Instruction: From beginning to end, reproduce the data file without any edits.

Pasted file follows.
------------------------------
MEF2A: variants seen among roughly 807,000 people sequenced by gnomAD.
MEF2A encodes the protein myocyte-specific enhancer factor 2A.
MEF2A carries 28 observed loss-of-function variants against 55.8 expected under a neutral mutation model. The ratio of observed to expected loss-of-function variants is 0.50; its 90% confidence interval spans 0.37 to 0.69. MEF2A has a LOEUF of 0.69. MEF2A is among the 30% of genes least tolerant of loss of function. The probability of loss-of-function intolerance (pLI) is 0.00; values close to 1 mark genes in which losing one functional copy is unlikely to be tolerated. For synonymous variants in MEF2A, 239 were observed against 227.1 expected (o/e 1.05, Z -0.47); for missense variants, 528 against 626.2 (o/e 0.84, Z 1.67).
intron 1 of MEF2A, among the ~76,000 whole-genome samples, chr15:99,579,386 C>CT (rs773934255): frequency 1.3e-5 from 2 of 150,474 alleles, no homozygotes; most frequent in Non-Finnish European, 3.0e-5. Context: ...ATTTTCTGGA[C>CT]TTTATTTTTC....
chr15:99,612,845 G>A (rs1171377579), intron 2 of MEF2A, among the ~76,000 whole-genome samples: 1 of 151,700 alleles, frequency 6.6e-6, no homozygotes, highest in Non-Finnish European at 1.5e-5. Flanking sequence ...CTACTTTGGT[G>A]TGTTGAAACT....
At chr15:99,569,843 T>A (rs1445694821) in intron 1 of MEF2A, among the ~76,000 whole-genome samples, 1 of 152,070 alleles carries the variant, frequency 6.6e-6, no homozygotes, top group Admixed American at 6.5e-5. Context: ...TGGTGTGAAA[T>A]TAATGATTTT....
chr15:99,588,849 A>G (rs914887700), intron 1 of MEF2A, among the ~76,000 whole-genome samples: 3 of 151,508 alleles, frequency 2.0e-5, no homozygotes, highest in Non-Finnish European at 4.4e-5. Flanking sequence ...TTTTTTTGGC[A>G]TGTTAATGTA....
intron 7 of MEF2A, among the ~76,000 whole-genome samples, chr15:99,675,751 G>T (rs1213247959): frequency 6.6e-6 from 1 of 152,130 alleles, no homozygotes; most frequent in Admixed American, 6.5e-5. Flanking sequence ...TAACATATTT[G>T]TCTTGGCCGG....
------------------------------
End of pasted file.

MEF2A: variants seen among roughly 807,000 people sequenced by gnomAD.
MEF2A encodes the protein myocyte-specific enhancer factor 2A.
MEF2A carries 28 observed loss-of-function variants against 55.8 expected under a neutral mutation model. The ratio of observed to expected loss-of-function variants is 0.50; its 90% confidence interval spans 0.37 to 0.69. MEF2A has a LOEUF of 0.69. MEF2A is among the 30% of genes least tolerant of loss of function. The probability of loss-of-function intolerance (pLI) is 0.00; values close to 1 mark genes in which losing one functional copy is unlikely to be tolerated. For synonymous variants in MEF2A, 239 were observed against 227.1 expected (o/e 1.05, Z -0.47); for missense variants, 528 against 626.2 (o/e 0.84, Z 1.67).
intron 1 of MEF2A, among the ~76,000 whole-genome samples, chr15:99,579,386 C>CT (rs773934255): frequency 1.3e-5 from 2 of 150,474 alleles, no homozygotes; most frequent in Non-Finnish European, 3.0e-5. Context: ...ATTTTCTGGA[C>CT]TTTATTTTTC....
chr15:99,612,845 G>A (rs1171377579), intron 2 of MEF2A, among the ~76,000 whole-genome samples: 1 of 151,700 alleles, frequency 6.6e-6, no homozygotes, highest in Non-Finnish European at 1.5e-5. Flanking sequence ...CTACTTTGGT[G>A]TGTTGAAACT....
At chr15:99,569,843 T>A (rs1445694821) in intron 1 of MEF2A, among the ~76,000 whole-genome samples, 1 of 152,070 alleles carries the variant, frequency 6.6e-6, no homozygotes, top group Admixed American at 6.5e-5. Context: ...TGGTGTGAAA[T>A]TAATGATTTT....
chr15:99,588,849 A>G (rs914887700), intron 1 of MEF2A, among the ~76,000 whole-genome samples: 3 of 151,508 alleles, frequency 2.0e-5, no homozygotes, highest in Non-Finnish European at 4.4e-5. Flanking sequence ...TTTTTTTGGC[A>G]TGTTAATGTA....
intron 7 of MEF2A, among the ~76,000 whole-genome samples, chr15:99,675,751 G>T (rs1213247959): frequency 6.6e-6 from 1 of 152,130 alleles, no homozygotes; most frequent in Admixed American, 6.5e-5. Flanking sequence ...TAACATATTT[G>T]TCTTGGCCGG....